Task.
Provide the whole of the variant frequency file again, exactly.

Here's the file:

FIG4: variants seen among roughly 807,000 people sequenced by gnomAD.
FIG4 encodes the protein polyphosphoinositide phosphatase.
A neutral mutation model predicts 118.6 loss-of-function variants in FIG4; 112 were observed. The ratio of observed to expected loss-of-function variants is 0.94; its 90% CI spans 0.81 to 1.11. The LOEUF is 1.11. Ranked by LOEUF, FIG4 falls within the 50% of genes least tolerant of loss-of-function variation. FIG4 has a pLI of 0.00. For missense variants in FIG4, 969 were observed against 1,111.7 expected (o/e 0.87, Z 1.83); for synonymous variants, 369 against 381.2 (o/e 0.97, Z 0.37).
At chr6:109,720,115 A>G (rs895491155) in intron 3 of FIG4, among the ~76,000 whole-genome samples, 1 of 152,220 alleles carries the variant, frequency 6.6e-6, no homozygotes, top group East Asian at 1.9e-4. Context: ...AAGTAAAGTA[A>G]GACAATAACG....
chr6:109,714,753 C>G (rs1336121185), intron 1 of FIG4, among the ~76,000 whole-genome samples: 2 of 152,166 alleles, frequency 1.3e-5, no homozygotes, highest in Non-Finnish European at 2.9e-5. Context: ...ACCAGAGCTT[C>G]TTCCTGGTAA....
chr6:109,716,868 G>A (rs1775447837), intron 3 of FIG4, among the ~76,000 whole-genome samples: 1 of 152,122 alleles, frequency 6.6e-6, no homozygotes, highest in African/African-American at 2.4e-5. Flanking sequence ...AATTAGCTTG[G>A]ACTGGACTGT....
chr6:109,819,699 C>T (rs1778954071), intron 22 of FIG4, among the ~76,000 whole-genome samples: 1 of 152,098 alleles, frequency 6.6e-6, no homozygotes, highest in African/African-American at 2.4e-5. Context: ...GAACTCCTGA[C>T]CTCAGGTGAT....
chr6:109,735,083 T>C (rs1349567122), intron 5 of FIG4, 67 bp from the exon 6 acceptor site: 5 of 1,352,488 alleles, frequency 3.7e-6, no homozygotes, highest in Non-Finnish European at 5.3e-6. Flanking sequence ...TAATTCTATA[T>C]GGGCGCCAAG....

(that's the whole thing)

FIG4: variants seen among roughly 807,000 people sequenced by gnomAD.
FIG4 encodes the protein polyphosphoinositide phosphatase.
A neutral mutation model predicts 118.6 loss-of-function variants in FIG4; 112 were observed. The ratio of observed to expected loss-of-function variants is 0.94; its 90% CI spans 0.81 to 1.11. The LOEUF is 1.11. Ranked by LOEUF, FIG4 falls within the 50% of genes least tolerant of loss-of-function variation. FIG4 has a pLI of 0.00. For missense variants in FIG4, 969 were observed against 1,111.7 expected (o/e 0.87, Z 1.83); for synonymous variants, 369 against 381.2 (o/e 0.97, Z 0.37).
At chr6:109,720,115 A>G (rs895491155) in intron 3 of FIG4, among the ~76,000 whole-genome samples, 1 of 152,220 alleles carries the variant, frequency 6.6e-6, no homozygotes, top group East Asian at 1.9e-4. Context: ...AAGTAAAGTA[A>G]GACAATAACG....
chr6:109,714,753 C>G (rs1336121185), intron 1 of FIG4, among the ~76,000 whole-genome samples: 2 of 152,166 alleles, frequency 1.3e-5, no homozygotes, highest in Non-Finnish European at 2.9e-5. Context: ...ACCAGAGCTT[C>G]TTCCTGGTAA....
chr6:109,716,868 G>A (rs1775447837), intron 3 of FIG4, among the ~76,000 whole-genome samples: 1 of 152,122 alleles, frequency 6.6e-6, no homozygotes, highest in African/African-American at 2.4e-5. Flanking sequence ...AATTAGCTTG[G>A]ACTGGACTGT....
chr6:109,819,699 C>T (rs1778954071), intron 22 of FIG4, among the ~76,000 whole-genome samples: 1 of 152,098 alleles, frequency 6.6e-6, no homozygotes, highest in African/African-American at 2.4e-5. Context: ...GAACTCCTGA[C>T]CTCAGGTGAT....
chr6:109,735,083 T>C (rs1349567122), intron 5 of FIG4, 67 bp from the exon 6 acceptor site: 5 of 1,352,488 alleles, frequency 3.7e-6, no homozygotes, highest in Non-Finnish European at 5.3e-6. Flanking sequence ...TAATTCTATA[T>C]GGGCGCCAAG....